Film Review: Kill RatioThere's plenty of action in this low-budget thriller about a military coup and the one man who can derail it, but without a Van Damme-level star, the movie's natural home is VOD and other nontheatrical platforms.
James Henderson (Tom Hopper of TV's “Black Sails”) is acting as a local liaison—a fixer—for business people looking to get in on the ground floor in a newly formed autonomous republic in Eastern Europe. His current client is Gabrielle Martin (Amy Huberman), who's negotiating an exclusive catering contract at the upscale Hotel Krasnovia. But that night, new president Tania Petrenko's (Lacy Moore) motorcade is attacked; she's killed and military strongman General Lazar (Nick Dunning, who bears a decided resemblance to the late-career George Kennedy) steps into declare himself in charge. Apparently the democratic experiment is over before it ever started.
Except that it's not, because, though wounded, Petrenko is still very much alive and has made her way to the hotel, determined to stop the power-mad Lazar from crushing her fragile Freedonia beneath his fascist boot heel. This is where Henderson reveals a surprising skill set (including sword fighting) for someone in the business-liaison field and puts it to work protecting the President and thwarting the military takeover.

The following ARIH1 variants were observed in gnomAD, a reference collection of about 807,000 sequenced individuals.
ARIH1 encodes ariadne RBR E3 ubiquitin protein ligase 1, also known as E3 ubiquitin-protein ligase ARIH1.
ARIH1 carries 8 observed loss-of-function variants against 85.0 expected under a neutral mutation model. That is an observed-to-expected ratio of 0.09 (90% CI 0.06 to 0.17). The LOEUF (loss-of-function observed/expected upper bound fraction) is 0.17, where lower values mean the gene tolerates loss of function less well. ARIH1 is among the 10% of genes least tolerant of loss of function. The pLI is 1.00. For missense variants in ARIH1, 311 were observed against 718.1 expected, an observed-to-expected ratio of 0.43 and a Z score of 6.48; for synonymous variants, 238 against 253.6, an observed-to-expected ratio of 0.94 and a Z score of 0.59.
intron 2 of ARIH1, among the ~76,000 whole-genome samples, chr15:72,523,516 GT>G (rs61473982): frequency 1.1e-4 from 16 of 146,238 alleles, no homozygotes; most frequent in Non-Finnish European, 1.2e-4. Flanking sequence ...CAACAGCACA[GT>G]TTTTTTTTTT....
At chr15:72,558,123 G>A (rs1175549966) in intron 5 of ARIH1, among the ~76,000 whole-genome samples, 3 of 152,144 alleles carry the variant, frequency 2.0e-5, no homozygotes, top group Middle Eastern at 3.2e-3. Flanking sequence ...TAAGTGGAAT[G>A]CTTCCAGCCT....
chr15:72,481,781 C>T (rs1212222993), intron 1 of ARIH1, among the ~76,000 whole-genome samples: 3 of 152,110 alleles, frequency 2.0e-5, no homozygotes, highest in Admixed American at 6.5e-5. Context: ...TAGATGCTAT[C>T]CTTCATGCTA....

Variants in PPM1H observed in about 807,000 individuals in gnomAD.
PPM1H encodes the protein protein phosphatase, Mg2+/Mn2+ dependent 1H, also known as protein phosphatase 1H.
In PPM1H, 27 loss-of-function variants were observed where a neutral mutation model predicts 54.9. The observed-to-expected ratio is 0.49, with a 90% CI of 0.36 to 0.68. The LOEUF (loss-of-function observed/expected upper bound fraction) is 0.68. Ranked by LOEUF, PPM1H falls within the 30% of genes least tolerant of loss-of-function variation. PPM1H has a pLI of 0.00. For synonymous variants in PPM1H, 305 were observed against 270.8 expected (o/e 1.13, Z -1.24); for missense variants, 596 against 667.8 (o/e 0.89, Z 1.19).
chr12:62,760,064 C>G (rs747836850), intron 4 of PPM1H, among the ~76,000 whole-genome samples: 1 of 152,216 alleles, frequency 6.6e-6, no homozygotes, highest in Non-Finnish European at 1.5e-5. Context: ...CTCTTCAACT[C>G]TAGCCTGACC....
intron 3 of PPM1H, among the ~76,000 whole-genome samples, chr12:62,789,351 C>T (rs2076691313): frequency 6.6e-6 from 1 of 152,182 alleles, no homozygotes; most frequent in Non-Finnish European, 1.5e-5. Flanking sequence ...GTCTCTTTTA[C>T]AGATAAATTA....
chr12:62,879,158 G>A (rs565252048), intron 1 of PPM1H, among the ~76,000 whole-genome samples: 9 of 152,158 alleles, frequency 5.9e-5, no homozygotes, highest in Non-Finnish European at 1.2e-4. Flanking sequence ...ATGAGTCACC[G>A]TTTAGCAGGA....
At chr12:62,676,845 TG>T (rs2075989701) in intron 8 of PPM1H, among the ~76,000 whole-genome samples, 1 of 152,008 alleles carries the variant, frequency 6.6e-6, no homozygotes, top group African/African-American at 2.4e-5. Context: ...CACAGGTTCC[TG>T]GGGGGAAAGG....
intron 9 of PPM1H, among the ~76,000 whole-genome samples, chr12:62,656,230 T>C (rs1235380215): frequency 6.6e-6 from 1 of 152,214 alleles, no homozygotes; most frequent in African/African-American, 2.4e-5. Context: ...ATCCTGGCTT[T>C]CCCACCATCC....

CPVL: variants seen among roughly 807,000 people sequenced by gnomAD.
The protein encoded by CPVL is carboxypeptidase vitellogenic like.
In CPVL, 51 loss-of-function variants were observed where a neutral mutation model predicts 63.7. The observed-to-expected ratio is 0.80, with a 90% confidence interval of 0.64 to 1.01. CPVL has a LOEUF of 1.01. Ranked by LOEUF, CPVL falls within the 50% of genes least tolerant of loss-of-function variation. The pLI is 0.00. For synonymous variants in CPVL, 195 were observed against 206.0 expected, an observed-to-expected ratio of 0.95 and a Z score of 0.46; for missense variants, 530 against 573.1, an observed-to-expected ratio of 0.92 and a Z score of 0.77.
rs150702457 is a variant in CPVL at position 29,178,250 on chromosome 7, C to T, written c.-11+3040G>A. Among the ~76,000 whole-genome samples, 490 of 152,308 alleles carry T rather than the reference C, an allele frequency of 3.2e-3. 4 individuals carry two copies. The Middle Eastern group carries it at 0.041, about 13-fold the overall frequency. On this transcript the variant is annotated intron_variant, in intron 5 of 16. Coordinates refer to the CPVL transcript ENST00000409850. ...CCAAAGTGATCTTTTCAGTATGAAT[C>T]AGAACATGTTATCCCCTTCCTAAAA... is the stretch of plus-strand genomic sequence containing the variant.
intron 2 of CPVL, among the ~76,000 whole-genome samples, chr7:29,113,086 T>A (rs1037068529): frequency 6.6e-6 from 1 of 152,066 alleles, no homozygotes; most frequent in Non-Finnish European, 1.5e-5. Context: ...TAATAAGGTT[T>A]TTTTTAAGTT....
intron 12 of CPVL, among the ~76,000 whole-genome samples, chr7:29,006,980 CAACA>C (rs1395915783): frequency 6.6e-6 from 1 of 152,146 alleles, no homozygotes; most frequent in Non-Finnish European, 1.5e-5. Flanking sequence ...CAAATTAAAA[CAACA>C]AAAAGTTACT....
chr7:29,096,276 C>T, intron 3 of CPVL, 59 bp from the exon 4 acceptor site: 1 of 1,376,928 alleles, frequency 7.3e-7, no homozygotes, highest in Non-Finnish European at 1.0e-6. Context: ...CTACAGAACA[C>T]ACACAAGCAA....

To U.K. indie-director Paul Tanter's credit, he makes excellent use of Dublin locations to stand in for Eastern Europe and executes some surprisingly elaborate and effective action scenes predicated on the claustrophobic geography of hotel hallways and guest rooms, though the perhaps inevitable repurposing of a laundry chute as escape hatch really is ludicrous. There's just no way it's not funny when a muscular, square-jawed commando flies out of a laundry chute. As to Hopper's "making-the-world-safe..." cred, he's credible enough physically but not especially charismatic, and it's charisma that separates the Jason Stathams from the Olivier Gruners.
Though Kill Ratio—the title apparently refers to the ratio of resources expended to results achieved, in which case James Henderson represents excellent value for money—delivers respectable action, in the end it fails to rise above from the constraints of its genre and budget, though that swordfight is really entertaining, even as it veers perilously close to comedy.
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